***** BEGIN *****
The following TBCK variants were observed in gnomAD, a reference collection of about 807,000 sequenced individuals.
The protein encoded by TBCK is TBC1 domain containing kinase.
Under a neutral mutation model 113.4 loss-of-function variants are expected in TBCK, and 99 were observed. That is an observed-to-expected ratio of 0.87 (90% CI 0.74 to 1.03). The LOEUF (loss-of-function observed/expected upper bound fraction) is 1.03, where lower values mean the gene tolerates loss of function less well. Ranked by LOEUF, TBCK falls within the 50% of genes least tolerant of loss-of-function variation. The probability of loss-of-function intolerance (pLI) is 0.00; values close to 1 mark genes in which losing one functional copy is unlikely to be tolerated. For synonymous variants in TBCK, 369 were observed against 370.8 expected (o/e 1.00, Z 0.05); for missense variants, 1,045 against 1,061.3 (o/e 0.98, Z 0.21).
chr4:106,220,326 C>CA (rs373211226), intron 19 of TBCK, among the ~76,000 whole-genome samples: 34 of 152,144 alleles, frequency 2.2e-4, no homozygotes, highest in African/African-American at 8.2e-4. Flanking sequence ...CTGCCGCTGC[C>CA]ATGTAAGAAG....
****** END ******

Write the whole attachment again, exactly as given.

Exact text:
The following TBCK variants were observed in gnomAD, a reference collection of about 807,000 sequenced individuals.
The protein encoded by TBCK is TBC1 domain containing kinase.
Under a neutral mutation model 113.4 loss-of-function variants are expected in TBCK, and 99 were observed. That is an observed-to-expected ratio of 0.87 (90% CI 0.74 to 1.03). The LOEUF (loss-of-function observed/expected upper bound fraction) is 1.03, where lower values mean the gene tolerates loss of function less well. Ranked by LOEUF, TBCK falls within the 50% of genes least tolerant of loss-of-function variation. The probability of loss-of-function intolerance (pLI) is 0.00; values close to 1 mark genes in which losing one functional copy is unlikely to be tolerated. For synonymous variants in TBCK, 369 were observed against 370.8 expected (o/e 1.00, Z 0.05); for missense variants, 1,045 against 1,061.3 (o/e 0.98, Z 0.21).
chr4:106,220,326 C>CA (rs373211226), intron 19 of TBCK, among the ~76,000 whole-genome samples: 34 of 152,144 alleles, frequency 2.2e-4, no homozygotes, highest in African/African-American at 8.2e-4. Flanking sequence ...CTGCCGCTGC[C>CA]ATGTAAGAAG....